Internet strategies details how to dove tail traditional media/PR with Internet/PR to create community dialogue leading to a successful communications programs to garner fan support for the team, for new stadiums, etc
- The Team are the People’s Team.
- Stadium issues address all of the tough economic times
ahead for most cities in the future, promising jobs, revenue, economic
growth, pro-team quality of life for all citizens.
- The best problem solving discipline is communications.
- There is no Teflon, whether in the private or public
sector, even for the formidable.
- It is true for all: you cannot not communicate. Everything
said and done is a communication.
Internet Campaign Goals for Success
- Generate fan awareness and interest in the Team’s
- PR campaign for Team ownership group.
- Begin campaign to increase attendance or continue
- Increase number of season ticket holders
- Create ticket give a way plan to generate more single
game ticket sales
- Begin the process to double the value of the team
within four years
- Begin the process to generate $200 million/year of
- Generate fan interest in Head Coach, his record,
and the Team’s future.
- Begin human interest stories re team members, players, coaches and owners.
Internet Strategies for Success
- Take advantage of the INTERNET, as outlined below,
with an interactive, flexibly changing web page and Email communications.
- Develop email lists of all reporters, print and broadcast
and cable, and, as appropriate, selected national ones (especially those
with whom good relations already exist). Create buzz.
- Put an auto responder on each web site for instant
responses to emails, with those to actually respond to with more to be
decided on a case-by-case basis.
- Have explanatory paragraphs for most issues for use
in selecting email responses.
- Send out a short one paragraph statement every day,
with reference to longer pieces on the campaign web sites, to all who subscribe
the Email newsletter.
- Use the 1-2-3-4 knock out punch of the Internet of
reach of audience/exposure; richness of content (quantity and quality);
affiliation for loyalty, and navigational control/influence (which is changing
things faster than we can sometimes comprehend, so why not create a parade
rather than follow someone else's), with interaction in ways that are still
being explored and discovered, in order to impact positively with the fans.
- Exploit the differences in communications channels
by adapting to each accordingly. Develop and add to WEB LOGS, which can
run on any site, and which run in reverse chronological order, including
listing relevant web sites, so people can follow the team better.
- Web Stream news conferences and game highlight on
the web site, so media, fans, etc., can hear from the organization's key
people, and talk about subjects close to their heart without having to
be edited to a too short piece or edited by media where the message is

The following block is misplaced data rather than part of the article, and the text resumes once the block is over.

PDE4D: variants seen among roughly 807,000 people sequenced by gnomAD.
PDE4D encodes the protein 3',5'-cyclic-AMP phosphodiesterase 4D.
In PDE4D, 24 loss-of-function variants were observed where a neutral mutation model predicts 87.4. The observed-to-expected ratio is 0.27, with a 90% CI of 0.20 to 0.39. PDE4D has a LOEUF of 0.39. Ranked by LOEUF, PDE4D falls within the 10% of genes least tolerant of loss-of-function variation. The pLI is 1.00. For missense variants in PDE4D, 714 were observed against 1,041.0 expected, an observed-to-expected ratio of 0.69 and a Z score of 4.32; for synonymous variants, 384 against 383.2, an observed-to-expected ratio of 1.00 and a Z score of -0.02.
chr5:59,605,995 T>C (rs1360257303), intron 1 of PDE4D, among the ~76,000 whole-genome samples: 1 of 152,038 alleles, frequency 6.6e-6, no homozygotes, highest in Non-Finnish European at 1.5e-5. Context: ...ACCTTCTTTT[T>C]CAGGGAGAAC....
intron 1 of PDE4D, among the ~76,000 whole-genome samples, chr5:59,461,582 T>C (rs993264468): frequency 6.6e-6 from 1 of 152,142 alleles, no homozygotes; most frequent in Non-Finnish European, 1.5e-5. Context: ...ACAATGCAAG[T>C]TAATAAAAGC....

considerably different from the unedited version.
- The Web page can also create the "perfect" periodic,
easily changeable pamphlet to reflect the Communications Strategy approach
being followed at the moment, as well as enable the providing of "examples" of
what may otherwise undermine and sabotage the otherwise fine relationship
between the organization and the fans.
- Use an intranet for the Team organization and its
consultants, on which can be placed schedules, commentaries, favorable
media pieces, and provide navigational links to appropriate information
related to the team (see layout of www.ceoexpress.com
- Have a chat room on the Internet site to discuss
the team and to keep up with the debates in the community. Chat rooms are
the biggest "value" AOL provides to its users, and creates it "stickiness" (return
- Have a designated consultant from Beacon on the Hill
Sports Marketing provide input into any continuing negative thread that
might appear on one of the major newspaper’s web site, in order to
provide a positive response. Keep an eye out for others and respond to
them as well.
- Develop a FAQ list, updated regularly on the Internet
- “Net Gain: Expanding Markets Through Virtual
Communities”: Hagel and Armstrong make the case that business success
in the very near future will depend on using the Internet to build not
just relationships, but communities.
- “Hosting Web Communities: Building Relationships, Increasing Customer Loyalty, and Maintaining A Competitive Edge”: Figallo shows the advantages businesses can gain from creating or supporting online communities, plus what types of expectations are unrealistic. He believes, for example, that creating online communities is not a reasonable way to directly boost sales or provide a highly profitable income stream. He does show, however, that it can offer major corporate advantages in the same way that good public relations or other indirect marketing activities do.